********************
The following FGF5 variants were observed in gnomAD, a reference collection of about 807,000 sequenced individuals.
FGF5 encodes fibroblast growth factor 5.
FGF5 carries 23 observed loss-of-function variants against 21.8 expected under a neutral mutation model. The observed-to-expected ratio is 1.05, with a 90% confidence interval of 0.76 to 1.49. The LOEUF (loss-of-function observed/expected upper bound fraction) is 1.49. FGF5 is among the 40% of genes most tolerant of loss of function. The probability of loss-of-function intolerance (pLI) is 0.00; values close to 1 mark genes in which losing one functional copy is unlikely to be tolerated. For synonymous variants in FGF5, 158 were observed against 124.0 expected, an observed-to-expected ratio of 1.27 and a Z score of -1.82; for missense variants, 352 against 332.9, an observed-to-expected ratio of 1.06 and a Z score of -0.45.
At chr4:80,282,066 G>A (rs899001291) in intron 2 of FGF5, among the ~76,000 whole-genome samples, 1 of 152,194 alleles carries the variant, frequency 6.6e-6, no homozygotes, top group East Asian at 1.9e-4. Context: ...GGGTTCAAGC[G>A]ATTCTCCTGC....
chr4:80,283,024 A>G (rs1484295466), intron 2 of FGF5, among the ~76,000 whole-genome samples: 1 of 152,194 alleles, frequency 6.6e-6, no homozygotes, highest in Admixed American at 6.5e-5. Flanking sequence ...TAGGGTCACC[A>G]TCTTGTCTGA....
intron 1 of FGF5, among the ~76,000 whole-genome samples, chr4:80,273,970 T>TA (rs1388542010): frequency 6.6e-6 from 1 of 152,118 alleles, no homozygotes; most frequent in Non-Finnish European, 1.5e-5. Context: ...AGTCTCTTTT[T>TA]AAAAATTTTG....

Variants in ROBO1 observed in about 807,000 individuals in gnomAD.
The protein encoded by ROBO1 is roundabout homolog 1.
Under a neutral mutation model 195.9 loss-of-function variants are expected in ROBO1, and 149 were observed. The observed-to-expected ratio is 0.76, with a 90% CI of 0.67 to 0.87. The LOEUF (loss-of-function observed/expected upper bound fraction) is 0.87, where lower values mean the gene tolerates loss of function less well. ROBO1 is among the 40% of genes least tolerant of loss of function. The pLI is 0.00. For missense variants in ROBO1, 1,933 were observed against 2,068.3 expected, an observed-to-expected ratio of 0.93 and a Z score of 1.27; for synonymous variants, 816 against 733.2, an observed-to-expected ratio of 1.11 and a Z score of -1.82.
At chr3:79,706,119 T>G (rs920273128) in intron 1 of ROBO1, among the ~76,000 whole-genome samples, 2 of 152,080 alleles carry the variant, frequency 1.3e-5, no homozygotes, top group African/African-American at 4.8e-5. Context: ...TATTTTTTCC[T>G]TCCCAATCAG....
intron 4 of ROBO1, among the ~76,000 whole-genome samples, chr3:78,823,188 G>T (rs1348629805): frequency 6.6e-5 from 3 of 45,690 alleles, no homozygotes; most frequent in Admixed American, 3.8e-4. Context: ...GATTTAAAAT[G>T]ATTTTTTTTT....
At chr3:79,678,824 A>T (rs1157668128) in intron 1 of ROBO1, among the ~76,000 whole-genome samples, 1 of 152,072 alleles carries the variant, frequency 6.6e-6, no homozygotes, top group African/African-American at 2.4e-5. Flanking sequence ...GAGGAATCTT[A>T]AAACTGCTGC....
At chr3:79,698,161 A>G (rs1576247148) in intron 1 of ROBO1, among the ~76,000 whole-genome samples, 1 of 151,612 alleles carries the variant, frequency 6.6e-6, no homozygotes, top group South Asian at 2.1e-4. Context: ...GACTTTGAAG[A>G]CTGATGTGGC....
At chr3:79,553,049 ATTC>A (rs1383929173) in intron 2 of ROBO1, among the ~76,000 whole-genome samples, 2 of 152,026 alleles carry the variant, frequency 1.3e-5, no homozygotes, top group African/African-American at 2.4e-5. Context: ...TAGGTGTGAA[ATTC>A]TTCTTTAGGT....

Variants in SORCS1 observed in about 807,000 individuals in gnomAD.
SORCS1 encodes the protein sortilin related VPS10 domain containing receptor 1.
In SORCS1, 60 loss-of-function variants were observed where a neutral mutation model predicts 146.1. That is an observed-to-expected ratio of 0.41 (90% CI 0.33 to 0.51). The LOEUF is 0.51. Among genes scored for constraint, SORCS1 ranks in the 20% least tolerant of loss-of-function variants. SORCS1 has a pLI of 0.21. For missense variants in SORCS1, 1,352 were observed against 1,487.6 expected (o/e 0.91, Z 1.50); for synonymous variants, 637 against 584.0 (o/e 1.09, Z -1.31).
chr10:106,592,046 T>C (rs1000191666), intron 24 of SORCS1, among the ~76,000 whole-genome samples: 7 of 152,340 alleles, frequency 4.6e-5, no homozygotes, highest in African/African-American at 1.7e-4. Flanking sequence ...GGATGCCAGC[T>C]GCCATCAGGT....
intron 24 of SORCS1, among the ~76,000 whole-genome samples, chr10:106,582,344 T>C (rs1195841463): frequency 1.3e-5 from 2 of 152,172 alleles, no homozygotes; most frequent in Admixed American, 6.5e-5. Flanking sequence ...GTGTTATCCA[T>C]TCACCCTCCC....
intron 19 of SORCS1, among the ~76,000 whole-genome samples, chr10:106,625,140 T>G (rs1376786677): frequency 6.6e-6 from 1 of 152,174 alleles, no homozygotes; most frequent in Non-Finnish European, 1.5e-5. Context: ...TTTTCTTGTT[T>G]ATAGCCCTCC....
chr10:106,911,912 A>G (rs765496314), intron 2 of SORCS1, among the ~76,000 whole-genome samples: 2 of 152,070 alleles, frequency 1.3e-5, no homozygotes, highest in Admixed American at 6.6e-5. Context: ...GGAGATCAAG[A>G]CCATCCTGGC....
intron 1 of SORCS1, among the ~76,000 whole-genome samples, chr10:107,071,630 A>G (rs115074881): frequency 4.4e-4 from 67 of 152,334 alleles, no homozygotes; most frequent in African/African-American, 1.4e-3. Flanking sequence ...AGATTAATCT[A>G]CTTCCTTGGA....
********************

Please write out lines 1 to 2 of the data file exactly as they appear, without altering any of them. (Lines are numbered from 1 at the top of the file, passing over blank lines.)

The following FGF5 variants were observed in gnomAD, a reference collection of about 807,000 sequenced individuals.
FGF5 encodes fibroblast growth factor 5.